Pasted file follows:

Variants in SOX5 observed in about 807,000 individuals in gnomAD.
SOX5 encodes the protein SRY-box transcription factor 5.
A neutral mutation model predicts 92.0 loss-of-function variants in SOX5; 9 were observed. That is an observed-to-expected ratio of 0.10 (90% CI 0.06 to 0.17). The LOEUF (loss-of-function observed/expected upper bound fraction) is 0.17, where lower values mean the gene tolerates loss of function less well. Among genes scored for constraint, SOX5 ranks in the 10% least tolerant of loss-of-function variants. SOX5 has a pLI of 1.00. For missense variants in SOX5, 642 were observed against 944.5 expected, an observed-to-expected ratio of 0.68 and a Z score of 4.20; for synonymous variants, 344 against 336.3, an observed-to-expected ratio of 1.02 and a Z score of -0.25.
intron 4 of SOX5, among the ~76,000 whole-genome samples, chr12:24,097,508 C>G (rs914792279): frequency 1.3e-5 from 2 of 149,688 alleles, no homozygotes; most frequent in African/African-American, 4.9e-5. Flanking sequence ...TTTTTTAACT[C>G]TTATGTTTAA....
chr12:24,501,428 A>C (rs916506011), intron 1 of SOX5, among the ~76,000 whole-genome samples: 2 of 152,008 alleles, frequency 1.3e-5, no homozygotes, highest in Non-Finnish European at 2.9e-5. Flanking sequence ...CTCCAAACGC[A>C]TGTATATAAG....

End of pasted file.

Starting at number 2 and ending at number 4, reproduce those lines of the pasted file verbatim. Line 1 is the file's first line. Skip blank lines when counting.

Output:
SOX5 encodes the protein SRY-box transcription factor 5.
A neutral mutation model predicts 92.0 loss-of-function variants in SOX5; 9 were observed. That is an observed-to-expected ratio of 0.10 (90% CI 0.06 to 0.17). The LOEUF (loss-of-function observed/expected upper bound fraction) is 0.17, where lower values mean the gene tolerates loss of function less well. Among genes scored for constraint, SOX5 ranks in the 10% least tolerant of loss-of-function variants. SOX5 has a pLI of 1.00. For missense variants in SOX5, 642 were observed against 944.5 expected, an observed-to-expected ratio of 0.68 and a Z score of 4.20; for synonymous variants, 344 against 336.3, an observed-to-expected ratio of 1.02 and a Z score of -0.25.
intron 4 of SOX5, among the ~76,000 whole-genome samples, chr12:24,097,508 C>G (rs914792279): frequency 1.3e-5 from 2 of 149,688 alleles, no homozygotes; most frequent in African/African-American, 4.9e-5. Flanking sequence ...TTTTTTAACT[C>G]TTATGTTTAA....